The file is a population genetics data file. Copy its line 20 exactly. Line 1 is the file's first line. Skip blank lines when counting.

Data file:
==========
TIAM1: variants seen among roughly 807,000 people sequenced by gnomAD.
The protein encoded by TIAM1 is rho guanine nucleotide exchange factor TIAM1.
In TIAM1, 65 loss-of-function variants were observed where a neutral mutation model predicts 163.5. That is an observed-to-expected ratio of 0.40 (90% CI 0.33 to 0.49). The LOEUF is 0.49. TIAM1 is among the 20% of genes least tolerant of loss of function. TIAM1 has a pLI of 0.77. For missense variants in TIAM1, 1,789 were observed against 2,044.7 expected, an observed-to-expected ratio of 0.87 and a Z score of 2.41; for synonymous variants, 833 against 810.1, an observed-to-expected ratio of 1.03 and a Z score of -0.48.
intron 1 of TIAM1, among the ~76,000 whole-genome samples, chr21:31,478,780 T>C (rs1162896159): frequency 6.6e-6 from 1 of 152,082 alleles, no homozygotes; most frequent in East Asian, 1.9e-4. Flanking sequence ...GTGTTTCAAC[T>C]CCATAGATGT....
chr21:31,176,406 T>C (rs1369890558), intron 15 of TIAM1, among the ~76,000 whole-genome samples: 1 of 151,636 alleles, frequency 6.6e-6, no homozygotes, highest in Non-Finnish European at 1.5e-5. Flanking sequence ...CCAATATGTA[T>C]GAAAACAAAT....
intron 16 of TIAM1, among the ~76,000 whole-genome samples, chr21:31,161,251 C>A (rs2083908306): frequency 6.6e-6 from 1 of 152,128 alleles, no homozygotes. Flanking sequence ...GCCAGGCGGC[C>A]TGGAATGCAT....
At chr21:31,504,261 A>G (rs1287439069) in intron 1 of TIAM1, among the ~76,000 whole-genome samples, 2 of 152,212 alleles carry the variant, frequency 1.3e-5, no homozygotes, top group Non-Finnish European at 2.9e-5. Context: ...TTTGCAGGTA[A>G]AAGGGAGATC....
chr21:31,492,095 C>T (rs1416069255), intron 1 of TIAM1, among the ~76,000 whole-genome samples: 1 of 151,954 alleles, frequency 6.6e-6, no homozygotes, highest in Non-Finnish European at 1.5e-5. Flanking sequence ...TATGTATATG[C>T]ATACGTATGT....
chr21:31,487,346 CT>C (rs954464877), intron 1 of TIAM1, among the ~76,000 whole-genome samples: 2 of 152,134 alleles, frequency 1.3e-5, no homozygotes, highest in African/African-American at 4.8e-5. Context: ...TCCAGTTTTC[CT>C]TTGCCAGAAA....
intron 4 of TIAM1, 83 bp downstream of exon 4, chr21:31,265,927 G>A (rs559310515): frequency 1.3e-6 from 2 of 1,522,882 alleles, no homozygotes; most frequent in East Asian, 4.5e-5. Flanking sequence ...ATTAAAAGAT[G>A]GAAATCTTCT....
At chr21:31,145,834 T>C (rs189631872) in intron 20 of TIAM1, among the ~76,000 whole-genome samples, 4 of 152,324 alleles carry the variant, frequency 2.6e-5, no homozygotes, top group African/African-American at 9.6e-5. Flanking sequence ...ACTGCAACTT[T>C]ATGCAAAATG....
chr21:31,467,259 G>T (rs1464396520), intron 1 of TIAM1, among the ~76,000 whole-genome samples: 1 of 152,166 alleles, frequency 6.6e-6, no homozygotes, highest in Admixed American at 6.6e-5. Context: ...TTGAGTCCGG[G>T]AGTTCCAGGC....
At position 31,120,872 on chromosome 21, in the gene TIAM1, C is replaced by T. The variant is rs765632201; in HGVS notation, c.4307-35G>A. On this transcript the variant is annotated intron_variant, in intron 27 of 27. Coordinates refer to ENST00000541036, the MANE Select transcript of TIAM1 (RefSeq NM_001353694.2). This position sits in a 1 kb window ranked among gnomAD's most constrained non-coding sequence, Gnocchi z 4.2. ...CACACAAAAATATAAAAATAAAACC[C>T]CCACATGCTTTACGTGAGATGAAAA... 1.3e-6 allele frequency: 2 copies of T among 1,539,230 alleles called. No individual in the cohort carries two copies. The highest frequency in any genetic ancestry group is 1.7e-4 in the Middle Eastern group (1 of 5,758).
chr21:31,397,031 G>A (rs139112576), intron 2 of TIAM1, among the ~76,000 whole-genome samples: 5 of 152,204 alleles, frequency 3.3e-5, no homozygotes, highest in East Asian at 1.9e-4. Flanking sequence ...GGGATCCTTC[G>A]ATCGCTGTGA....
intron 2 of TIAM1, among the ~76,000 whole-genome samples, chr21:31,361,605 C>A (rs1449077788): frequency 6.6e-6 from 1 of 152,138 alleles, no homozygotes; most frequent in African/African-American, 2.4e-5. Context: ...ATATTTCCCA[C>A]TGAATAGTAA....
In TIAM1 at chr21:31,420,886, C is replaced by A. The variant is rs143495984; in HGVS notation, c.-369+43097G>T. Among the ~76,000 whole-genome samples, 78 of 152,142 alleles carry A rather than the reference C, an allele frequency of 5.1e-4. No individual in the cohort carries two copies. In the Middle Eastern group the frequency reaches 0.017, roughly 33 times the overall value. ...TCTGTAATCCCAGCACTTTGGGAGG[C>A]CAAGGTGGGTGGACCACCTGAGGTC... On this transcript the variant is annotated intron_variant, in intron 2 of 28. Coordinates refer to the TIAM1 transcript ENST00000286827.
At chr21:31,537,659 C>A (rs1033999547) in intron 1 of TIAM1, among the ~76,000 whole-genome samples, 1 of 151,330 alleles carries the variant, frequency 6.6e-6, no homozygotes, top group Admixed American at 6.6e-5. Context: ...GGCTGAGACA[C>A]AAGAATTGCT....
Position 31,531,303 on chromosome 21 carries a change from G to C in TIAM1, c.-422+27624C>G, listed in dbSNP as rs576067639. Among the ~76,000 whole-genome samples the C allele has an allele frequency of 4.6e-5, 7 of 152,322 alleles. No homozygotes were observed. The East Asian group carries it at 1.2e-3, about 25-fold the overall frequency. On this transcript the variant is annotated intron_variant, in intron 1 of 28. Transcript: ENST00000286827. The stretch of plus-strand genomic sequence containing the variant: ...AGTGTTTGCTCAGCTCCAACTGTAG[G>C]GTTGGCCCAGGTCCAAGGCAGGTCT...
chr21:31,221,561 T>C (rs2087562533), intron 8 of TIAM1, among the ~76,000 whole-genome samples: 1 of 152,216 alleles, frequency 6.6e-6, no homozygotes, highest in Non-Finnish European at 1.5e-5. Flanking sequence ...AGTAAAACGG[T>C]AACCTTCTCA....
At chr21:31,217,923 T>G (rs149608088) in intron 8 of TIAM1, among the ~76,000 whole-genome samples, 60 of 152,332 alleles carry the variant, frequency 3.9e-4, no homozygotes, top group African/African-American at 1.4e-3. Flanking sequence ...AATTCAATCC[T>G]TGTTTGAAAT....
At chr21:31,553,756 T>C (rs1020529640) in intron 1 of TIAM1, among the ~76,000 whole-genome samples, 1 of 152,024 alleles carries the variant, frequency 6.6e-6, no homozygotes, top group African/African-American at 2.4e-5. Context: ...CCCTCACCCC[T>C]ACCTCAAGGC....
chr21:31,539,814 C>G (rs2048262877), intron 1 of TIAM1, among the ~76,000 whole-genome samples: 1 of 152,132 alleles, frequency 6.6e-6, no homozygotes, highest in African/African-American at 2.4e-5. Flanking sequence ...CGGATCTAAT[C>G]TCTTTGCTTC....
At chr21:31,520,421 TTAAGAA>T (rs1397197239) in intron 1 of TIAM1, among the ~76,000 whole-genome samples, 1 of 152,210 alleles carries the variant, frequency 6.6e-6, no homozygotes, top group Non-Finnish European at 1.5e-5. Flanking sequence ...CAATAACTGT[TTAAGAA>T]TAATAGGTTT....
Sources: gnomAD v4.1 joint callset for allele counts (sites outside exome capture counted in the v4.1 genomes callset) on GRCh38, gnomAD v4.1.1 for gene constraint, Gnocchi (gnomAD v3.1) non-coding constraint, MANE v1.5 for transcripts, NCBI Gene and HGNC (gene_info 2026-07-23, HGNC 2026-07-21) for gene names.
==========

At chr21:31,217,923 T>G (rs149608088) in intron 8 of TIAM1, among the ~76,000 whole-genome samples, 60 of 152,332 alleles carry the variant, frequency 3.9e-4, no homozygotes, top group African/African-American at 1.4e-3. Flanking sequence ...AATTCAATCC[T>G]TGTTTGAAAT....